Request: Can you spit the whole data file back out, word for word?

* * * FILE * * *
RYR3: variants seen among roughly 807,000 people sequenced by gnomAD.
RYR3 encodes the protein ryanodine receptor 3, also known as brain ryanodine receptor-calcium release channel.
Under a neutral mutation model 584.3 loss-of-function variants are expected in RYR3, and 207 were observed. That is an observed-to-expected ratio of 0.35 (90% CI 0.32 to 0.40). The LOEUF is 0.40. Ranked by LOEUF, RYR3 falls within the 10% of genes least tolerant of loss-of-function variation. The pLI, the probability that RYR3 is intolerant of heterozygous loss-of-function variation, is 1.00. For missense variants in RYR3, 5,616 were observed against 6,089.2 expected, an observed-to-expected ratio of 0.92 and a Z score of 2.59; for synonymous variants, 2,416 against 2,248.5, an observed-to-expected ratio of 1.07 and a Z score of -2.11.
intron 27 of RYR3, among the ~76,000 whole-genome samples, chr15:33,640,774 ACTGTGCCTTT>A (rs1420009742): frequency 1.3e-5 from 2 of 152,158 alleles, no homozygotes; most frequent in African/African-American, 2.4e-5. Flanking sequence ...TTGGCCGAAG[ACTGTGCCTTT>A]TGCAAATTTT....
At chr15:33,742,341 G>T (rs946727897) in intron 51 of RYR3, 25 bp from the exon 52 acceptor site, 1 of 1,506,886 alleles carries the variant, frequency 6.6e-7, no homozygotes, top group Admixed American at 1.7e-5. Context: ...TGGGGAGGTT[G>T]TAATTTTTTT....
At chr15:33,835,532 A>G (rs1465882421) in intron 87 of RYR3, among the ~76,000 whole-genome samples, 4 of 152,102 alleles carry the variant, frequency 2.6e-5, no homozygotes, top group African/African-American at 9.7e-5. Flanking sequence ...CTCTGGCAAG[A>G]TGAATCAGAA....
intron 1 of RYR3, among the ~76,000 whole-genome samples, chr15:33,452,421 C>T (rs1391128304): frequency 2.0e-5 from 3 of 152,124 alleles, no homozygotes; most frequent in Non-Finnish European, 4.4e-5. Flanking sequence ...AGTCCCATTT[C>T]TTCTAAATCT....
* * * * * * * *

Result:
RYR3: variants seen among roughly 807,000 people sequenced by gnomAD.
RYR3 encodes the protein ryanodine receptor 3, also known as brain ryanodine receptor-calcium release channel.
Under a neutral mutation model 584.3 loss-of-function variants are expected in RYR3, and 207 were observed. That is an observed-to-expected ratio of 0.35 (90% CI 0.32 to 0.40). The LOEUF is 0.40. Ranked by LOEUF, RYR3 falls within the 10% of genes least tolerant of loss-of-function variation. The pLI, the probability that RYR3 is intolerant of heterozygous loss-of-function variation, is 1.00. For missense variants in RYR3, 5,616 were observed against 6,089.2 expected, an observed-to-expected ratio of 0.92 and a Z score of 2.59; for synonymous variants, 2,416 against 2,248.5, an observed-to-expected ratio of 1.07 and a Z score of -2.11.
intron 27 of RYR3, among the ~76,000 whole-genome samples, chr15:33,640,774 ACTGTGCCTTT>A (rs1420009742): frequency 1.3e-5 from 2 of 152,158 alleles, no homozygotes; most frequent in African/African-American, 2.4e-5. Flanking sequence ...TTGGCCGAAG[ACTGTGCCTTT>A]TGCAAATTTT....
At chr15:33,742,341 G>T (rs946727897) in intron 51 of RYR3, 25 bp from the exon 52 acceptor site, 1 of 1,506,886 alleles carries the variant, frequency 6.6e-7, no homozygotes, top group Admixed American at 1.7e-5. Context: ...TGGGGAGGTT[G>T]TAATTTTTTT....
At chr15:33,835,532 A>G (rs1465882421) in intron 87 of RYR3, among the ~76,000 whole-genome samples, 4 of 152,102 alleles carry the variant, frequency 2.6e-5, no homozygotes, top group African/African-American at 9.7e-5. Flanking sequence ...CTCTGGCAAG[A>G]TGAATCAGAA....
intron 1 of RYR3, among the ~76,000 whole-genome samples, chr15:33,452,421 C>T (rs1391128304): frequency 2.0e-5 from 3 of 152,124 alleles, no homozygotes; most frequent in Non-Finnish European, 4.4e-5. Flanking sequence ...AGTCCCATTT[C>T]TTCTAAATCT....